We started out by making magnetic dots from a mix of nickel and iron. We gave them an elliptical shape, stretching them out in one direction to give each magnet a preferred north-south axis. But we limited the elongation, thus minimizing the energy required to flip the orientation to represent the 0s and 1s in binary logic.
Like a bar magnet, each nanomagnet has “fringing fields”—magnetic fields that extend a long distance from the magnet. If we place the nanomagnets close enough, we can use the fields from one magnet to influence the state of the ones near it, and so build up logic circuits that can pass magnetic information from one magnet to the next.
To get a sense of how such nanomagnetic logic would work, it’s helpful to remember the most basic rules of magnetism: Like poles repel and unlike poles attract. So, just as bar magnets would, two nanomagnets placed end to end will naturally prefer to have their north poles point in the same direction, so the north pole of one is closest to the south pole of the other. If two nanomagnets are placed side by side, so their long axes are parallel, their north poles will point in opposite directions, so that each pole is closest to one with the opposite polarity. This second configuration, which is called antiferromagnetic coupling, can actually be considered an elementary circuit element: the inverter. One nanomagnet would be the input and another the output, flipping the state of the information.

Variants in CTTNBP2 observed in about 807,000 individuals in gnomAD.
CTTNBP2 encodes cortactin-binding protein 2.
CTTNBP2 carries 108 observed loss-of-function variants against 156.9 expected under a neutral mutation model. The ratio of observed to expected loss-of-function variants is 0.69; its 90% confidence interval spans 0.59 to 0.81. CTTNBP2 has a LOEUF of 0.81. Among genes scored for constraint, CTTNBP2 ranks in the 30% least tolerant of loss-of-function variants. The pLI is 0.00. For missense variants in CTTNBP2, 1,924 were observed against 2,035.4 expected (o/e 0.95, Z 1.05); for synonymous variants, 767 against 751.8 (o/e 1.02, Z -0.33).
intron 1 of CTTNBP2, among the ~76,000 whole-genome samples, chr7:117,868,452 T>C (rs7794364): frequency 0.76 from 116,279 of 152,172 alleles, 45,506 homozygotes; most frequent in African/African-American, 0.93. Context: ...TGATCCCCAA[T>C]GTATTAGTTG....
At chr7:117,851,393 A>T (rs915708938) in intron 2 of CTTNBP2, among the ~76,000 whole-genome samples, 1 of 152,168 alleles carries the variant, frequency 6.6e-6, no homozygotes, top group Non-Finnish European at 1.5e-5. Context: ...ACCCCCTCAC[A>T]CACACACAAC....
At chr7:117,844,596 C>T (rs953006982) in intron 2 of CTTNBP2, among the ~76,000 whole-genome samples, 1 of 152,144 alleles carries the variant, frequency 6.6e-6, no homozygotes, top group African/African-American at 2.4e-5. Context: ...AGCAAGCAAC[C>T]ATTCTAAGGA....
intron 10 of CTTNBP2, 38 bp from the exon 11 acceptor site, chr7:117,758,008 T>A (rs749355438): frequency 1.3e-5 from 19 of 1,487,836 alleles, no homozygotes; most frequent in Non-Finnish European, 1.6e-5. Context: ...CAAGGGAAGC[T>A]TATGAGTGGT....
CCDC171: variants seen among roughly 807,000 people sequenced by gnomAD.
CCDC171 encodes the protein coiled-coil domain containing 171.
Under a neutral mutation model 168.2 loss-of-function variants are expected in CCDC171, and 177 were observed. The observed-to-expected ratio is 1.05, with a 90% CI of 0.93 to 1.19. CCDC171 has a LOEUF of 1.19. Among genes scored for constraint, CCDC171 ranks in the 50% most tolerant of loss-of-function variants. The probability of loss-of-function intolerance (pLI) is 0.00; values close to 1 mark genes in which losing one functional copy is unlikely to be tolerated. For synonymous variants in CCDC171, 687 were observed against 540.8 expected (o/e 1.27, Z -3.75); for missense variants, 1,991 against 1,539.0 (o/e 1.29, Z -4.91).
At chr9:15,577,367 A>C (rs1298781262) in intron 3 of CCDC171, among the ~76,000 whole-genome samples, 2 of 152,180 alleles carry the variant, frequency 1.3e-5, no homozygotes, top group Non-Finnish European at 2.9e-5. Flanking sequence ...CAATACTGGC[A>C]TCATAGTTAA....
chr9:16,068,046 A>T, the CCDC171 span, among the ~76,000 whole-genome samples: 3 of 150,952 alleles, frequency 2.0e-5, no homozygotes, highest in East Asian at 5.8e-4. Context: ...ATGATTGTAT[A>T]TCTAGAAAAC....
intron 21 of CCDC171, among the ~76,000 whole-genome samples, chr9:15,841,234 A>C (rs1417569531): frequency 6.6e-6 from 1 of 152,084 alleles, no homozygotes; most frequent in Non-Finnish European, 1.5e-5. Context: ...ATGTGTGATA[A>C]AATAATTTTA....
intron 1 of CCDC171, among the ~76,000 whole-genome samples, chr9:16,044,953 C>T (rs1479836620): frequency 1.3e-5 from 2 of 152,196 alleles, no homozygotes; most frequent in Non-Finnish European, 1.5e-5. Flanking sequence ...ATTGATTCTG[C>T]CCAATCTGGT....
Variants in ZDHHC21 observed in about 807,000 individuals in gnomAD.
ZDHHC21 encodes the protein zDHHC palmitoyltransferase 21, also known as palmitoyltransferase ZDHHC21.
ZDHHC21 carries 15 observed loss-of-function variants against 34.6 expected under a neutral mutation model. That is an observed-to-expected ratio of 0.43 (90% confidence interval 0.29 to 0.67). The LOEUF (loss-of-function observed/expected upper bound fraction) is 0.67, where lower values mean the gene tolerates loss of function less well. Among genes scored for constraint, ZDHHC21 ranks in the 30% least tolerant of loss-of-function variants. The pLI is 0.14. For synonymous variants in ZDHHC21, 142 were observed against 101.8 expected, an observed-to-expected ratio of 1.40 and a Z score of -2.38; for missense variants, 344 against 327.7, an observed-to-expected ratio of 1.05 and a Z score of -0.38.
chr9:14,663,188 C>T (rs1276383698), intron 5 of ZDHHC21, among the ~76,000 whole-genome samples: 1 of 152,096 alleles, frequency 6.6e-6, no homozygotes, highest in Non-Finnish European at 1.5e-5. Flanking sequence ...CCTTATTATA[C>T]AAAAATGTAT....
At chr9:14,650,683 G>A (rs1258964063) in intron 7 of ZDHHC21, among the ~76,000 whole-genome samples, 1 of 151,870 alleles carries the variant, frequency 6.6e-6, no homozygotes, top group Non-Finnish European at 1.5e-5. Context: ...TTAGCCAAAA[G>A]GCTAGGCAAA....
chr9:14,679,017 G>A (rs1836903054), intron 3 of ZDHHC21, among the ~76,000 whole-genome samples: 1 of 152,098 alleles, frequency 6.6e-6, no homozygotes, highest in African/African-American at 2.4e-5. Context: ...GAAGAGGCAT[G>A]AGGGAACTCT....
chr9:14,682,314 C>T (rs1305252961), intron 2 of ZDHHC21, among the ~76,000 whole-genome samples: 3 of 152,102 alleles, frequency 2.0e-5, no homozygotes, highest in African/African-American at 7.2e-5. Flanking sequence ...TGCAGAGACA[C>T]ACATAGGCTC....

The inverter is not a bad start, but to perform useful logic operations you also need AND and OR gates. And in 2006, we reported a proof-of-concept demonstration of a second logic element called a three-input majority-logic gate, which can be used to build both of those other gates. The majority gate takes on the state of the majority of its inputs. One way to build it is with a cross-shaped arrangement of five nanomagnets—one center dot surrounded by four others. Three of those dots act as inputs, and the center dot “calculates” the majority by naturally aligning its magnetization with the majority of the other spins. The fifth dot carries the result out of the device.
As for the wires that you’d need to connect logic gates, these can be constructed by simply lining up nanomagnets either end to end or side by side. Information can travel in either of these configurations, flipping spins as it goes—a little like falling dominoes. (In the side-by-side configuration, of course, you need to make sure you have an odd number of nanomagnets, so the information retains the same state at the end of the wire that it did at the beginning.)